Wes Bernardini, archaeologist and incoming Farquhar Chair of the American Southwest, has spent a career aligning his research interests with those of the Hopi Tribe he is studying
For Wes Bernardini, the Hopi Tribe has been a source of abiding interest since graduate school. On a weekend visit to the mountains near Flagstaff, he caught his first glimpse of the Hopi Mesas, and “it was just one of those hair-on-the-back-of-your-neck-stands-up moments,” he says. “I thought, ‘I want to work here!’”
For the past 15 years, he has returned every summer, usually with students in tow, to study and record ancestral Hopi sites. Now, the professor of sociology and anthropology is the incoming Farquhar Chair of the American Southwest. He replaces James Sandos, a Redlands history professor and expert in the history of California missions, who held the professorship for two decades before his retirement.
Bernardini’s close working relationship with the Hopi began back in the ’90s. During an “intimidating meeting” with 15 elderly Hopi men, Bernardini revealed that he was not entirely sure what he planned to research. “That turned out to be what they wanted to hear,” he says. “Before, people came in with big plans and just wanted the tribe to sign off on them. This started us out on the right foot as collaborators.”
Bernardini’s work has often focused on projects aimed at preserving Hopi cultural heritage—he successfully nominated the rock art site of Tutuveni and the 300-year-old village of Walpi to be listed on the World Monuments Fund “Watch List” of the 100 most endangered cultural resources in the world.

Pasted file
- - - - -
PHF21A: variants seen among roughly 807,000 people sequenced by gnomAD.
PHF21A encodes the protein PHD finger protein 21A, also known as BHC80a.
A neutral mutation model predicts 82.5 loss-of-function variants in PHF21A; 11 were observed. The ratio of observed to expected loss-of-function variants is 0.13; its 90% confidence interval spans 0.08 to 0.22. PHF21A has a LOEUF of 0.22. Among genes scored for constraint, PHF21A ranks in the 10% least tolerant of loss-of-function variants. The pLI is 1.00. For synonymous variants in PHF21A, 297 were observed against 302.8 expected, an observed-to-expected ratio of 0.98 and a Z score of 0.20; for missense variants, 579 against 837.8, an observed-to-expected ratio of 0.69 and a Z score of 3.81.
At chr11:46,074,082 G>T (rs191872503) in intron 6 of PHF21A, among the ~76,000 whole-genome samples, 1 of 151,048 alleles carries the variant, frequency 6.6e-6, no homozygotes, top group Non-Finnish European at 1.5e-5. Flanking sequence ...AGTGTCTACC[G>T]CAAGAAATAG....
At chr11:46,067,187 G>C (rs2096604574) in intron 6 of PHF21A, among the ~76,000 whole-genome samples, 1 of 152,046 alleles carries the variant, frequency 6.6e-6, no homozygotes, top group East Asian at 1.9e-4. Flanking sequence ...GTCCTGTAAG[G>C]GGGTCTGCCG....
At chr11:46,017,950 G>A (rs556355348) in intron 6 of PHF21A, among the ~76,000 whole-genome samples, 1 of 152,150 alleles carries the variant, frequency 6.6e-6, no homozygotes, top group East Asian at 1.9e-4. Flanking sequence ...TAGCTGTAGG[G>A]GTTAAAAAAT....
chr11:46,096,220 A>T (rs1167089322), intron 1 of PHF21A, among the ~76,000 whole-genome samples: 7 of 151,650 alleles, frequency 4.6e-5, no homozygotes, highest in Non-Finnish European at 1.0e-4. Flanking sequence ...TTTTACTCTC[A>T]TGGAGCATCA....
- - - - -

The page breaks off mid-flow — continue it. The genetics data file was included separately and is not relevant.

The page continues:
Recently, Bernardini partnered with Nate Strout, director of spatial technology in the University’s Center for Spatial Studies, and students in the Master of Science in Geographic Information Systems (GIS) program to put GIS to work exploring the ancestral Hopi landscape. The plan is to incorporate this interactive tool into the Hopi High School curriculum.
University of Redlands students participating in Bernardini’s lab and field work do survey and mapping; record sites; wash, label, and sort artifacts in the lab; and tabulate the results. This experience pays off after graduation—former students have parlayed these varying skills into jobs with the National Park Service, private industry, museums and even tech companies like Apple.
“They see how the entire scientific process works,” he says. “Learning how to produce new knowledge—that’s a life skill that’s useful beyond archaeology.”
For decades, a forward-thinking gift from a U of R Legacy Family has contributed to the study of the American Southwest.
In the 1970s, Vernon Farquhar ’21 and Helen Hedstrom Farquhar ’22 donated their vast collection of items related to the American Southwest to the Armacost Library so students could use these books, slides and other materials for academic research. In the late 1980s, following Vernon’s death, Donald D. Farquhar ’46 and Kay Wilson ’46 Farquhar and their children established the Farquhar Professor of the American Southwest Endowed Chair.
Endowed chairs like this one give universities the opportunity to attract and retain committed professors, covering their salaries and faculty development. In particular, the Farquhar professorship has encouraged and promoted the teaching of the American Southwest, while fostering excellence in scholarly research throughout the generations.